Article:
(LONDON) — Seven of Adolf Hitler’s lost paintings are on now display after they were discovered tucked away in a monastery in the Czech Republic.
Many of the paintings have political themes. “The Memory of Stalingrad” by Franz Eichorst depicts injured German soldiers huddled in a trench during battle.
Hitler became an avid art collector during World War II, but sent his collection away for safekeeping in 1943.
The paintings were unearthed after some sleuthing by Jiri Kuchar, a historian who has written about Hitler’s art collection. It wasn’t clear how or when the monastery acquired the paintings, which can be seen at the chateau in Doksany in the Czech Republic.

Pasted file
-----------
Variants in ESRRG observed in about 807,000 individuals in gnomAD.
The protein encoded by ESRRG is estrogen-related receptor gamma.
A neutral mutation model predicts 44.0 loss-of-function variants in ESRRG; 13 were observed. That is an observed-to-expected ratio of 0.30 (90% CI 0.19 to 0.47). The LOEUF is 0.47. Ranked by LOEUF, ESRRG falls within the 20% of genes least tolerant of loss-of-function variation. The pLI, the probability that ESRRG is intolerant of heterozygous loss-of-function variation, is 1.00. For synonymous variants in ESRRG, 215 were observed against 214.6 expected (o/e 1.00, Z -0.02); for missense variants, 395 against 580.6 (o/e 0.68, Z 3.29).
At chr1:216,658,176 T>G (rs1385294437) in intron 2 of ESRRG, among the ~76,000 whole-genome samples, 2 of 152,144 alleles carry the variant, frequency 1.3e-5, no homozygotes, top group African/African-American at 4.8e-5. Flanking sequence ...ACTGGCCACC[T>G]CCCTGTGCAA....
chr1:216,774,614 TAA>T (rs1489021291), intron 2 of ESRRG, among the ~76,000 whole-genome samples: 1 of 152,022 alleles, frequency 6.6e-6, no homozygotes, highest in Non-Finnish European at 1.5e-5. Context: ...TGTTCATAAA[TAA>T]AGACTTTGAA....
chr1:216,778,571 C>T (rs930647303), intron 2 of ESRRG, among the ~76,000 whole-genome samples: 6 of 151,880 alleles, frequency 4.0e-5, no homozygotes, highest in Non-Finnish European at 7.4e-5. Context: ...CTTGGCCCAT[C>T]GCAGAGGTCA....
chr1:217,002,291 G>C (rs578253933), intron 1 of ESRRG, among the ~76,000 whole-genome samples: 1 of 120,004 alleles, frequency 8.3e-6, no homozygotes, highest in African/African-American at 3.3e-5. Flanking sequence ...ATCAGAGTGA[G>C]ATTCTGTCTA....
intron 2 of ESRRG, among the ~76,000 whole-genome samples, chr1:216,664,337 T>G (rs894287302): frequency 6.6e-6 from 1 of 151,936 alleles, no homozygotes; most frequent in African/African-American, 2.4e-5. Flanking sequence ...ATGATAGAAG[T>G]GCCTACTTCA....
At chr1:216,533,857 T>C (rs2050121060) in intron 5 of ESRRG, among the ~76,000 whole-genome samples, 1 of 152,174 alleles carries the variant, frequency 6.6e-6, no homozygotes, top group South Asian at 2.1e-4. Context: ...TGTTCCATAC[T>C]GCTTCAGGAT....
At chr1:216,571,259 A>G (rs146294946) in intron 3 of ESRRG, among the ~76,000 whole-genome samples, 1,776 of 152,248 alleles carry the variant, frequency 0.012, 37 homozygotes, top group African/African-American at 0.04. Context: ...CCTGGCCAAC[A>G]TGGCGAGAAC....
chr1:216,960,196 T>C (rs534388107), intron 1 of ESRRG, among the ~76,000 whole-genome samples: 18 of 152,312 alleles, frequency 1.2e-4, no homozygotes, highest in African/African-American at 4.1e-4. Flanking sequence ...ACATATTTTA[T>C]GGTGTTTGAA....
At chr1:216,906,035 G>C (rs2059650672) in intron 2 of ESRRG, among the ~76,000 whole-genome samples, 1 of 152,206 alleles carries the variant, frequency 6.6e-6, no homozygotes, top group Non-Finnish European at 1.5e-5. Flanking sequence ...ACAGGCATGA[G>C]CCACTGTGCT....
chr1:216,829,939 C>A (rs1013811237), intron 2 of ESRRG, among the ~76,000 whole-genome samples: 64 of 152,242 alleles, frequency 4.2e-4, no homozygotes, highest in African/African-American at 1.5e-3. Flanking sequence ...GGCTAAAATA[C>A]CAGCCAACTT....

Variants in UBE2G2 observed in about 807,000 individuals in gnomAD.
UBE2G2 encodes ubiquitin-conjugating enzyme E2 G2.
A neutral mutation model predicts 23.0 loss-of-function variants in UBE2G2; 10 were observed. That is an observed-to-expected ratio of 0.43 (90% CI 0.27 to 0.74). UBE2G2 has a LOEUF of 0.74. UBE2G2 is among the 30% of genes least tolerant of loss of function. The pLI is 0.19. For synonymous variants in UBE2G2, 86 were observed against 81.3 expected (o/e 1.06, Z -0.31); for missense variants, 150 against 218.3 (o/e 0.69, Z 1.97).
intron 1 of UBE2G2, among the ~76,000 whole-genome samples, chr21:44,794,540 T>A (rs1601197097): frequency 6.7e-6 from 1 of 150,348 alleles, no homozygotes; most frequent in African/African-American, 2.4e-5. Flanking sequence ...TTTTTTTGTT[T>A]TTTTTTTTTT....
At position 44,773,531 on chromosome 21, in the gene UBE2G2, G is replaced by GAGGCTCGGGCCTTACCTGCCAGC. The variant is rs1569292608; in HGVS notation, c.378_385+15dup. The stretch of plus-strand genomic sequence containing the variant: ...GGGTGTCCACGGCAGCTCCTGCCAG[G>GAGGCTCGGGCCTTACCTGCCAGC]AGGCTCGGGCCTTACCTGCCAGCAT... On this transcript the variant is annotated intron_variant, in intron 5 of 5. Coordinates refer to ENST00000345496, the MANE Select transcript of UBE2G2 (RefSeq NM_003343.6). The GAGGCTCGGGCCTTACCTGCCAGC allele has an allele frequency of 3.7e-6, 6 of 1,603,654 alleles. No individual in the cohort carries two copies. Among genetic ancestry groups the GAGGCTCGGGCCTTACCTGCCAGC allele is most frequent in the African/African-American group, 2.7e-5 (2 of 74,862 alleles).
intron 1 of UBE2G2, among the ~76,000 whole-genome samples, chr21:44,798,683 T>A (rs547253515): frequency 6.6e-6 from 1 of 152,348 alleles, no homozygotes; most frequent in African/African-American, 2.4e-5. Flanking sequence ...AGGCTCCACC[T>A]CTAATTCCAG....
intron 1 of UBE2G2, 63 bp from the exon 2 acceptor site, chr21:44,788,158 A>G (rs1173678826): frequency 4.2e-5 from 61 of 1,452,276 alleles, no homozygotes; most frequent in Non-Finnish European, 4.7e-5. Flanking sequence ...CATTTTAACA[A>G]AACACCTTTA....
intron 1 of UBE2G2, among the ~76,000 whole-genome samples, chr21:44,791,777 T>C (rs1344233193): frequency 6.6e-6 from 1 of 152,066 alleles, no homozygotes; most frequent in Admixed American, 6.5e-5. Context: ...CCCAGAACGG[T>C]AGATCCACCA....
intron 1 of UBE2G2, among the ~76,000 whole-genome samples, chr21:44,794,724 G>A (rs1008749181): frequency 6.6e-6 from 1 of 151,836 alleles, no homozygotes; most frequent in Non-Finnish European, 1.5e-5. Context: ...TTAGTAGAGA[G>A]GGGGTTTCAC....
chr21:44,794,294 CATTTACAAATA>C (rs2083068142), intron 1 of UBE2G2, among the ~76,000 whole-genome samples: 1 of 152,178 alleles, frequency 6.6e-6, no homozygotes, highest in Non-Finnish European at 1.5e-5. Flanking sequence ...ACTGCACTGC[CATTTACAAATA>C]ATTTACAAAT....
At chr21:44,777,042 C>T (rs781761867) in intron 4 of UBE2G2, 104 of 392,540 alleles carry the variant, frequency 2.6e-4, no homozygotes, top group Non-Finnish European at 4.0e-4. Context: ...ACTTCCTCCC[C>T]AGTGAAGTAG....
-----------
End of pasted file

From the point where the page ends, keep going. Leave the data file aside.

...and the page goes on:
Kuchar said nine more paintings are still missing from the collection.
“I’ve got a feeling that many places will be reluctant to admit their favorite works of art have this unfortunate historical blemish,” he told The Telegraph.
The paintings could be worth $2.7 million at auction, Agence France-Presse reported, though the monastery said it plans to keep them.
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